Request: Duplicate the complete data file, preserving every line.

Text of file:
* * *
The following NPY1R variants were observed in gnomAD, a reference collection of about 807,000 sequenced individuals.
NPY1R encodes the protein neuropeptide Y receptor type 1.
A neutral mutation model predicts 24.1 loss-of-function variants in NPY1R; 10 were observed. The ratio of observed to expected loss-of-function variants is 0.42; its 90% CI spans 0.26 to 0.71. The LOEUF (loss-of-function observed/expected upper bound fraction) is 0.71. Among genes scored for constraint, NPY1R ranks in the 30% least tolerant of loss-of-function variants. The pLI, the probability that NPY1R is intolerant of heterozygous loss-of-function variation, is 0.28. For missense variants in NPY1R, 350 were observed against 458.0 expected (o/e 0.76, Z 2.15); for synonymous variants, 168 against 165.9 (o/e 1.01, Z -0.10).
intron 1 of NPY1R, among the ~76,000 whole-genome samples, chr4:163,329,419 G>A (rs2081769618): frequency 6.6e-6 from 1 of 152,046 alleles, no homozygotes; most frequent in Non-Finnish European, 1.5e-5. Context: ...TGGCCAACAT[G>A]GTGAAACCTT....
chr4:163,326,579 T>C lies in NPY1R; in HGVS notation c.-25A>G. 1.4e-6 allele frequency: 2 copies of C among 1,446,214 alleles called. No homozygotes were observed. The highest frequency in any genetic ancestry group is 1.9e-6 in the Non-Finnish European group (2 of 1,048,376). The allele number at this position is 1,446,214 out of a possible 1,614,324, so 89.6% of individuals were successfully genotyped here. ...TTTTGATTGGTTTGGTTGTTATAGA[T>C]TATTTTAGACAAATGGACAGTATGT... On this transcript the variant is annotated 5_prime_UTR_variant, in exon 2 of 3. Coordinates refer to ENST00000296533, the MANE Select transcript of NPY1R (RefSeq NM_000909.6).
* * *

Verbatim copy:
The following NPY1R variants were observed in gnomAD, a reference collection of about 807,000 sequenced individuals.
NPY1R encodes the protein neuropeptide Y receptor type 1.
A neutral mutation model predicts 24.1 loss-of-function variants in NPY1R; 10 were observed. The ratio of observed to expected loss-of-function variants is 0.42; its 90% CI spans 0.26 to 0.71. The LOEUF (loss-of-function observed/expected upper bound fraction) is 0.71. Among genes scored for constraint, NPY1R ranks in the 30% least tolerant of loss-of-function variants. The pLI, the probability that NPY1R is intolerant of heterozygous loss-of-function variation, is 0.28. For missense variants in NPY1R, 350 were observed against 458.0 expected (o/e 0.76, Z 2.15); for synonymous variants, 168 against 165.9 (o/e 1.01, Z -0.10).
intron 1 of NPY1R, among the ~76,000 whole-genome samples, chr4:163,329,419 G>A (rs2081769618): frequency 6.6e-6 from 1 of 152,046 alleles, no homozygotes; most frequent in Non-Finnish European, 1.5e-5. Context: ...TGGCCAACAT[G>A]GTGAAACCTT....
chr4:163,326,579 T>C lies in NPY1R; in HGVS notation c.-25A>G. 1.4e-6 allele frequency: 2 copies of C among 1,446,214 alleles called. No homozygotes were observed. The highest frequency in any genetic ancestry group is 1.9e-6 in the Non-Finnish European group (2 of 1,048,376). The allele number at this position is 1,446,214 out of a possible 1,614,324, so 89.6% of individuals were successfully genotyped here. ...TTTTGATTGGTTTGGTTGTTATAGA[T>C]TATTTTAGACAAATGGACAGTATGT... On this transcript the variant is annotated 5_prime_UTR_variant, in exon 2 of 3. Coordinates refer to ENST00000296533, the MANE Select transcript of NPY1R (RefSeq NM_000909.6).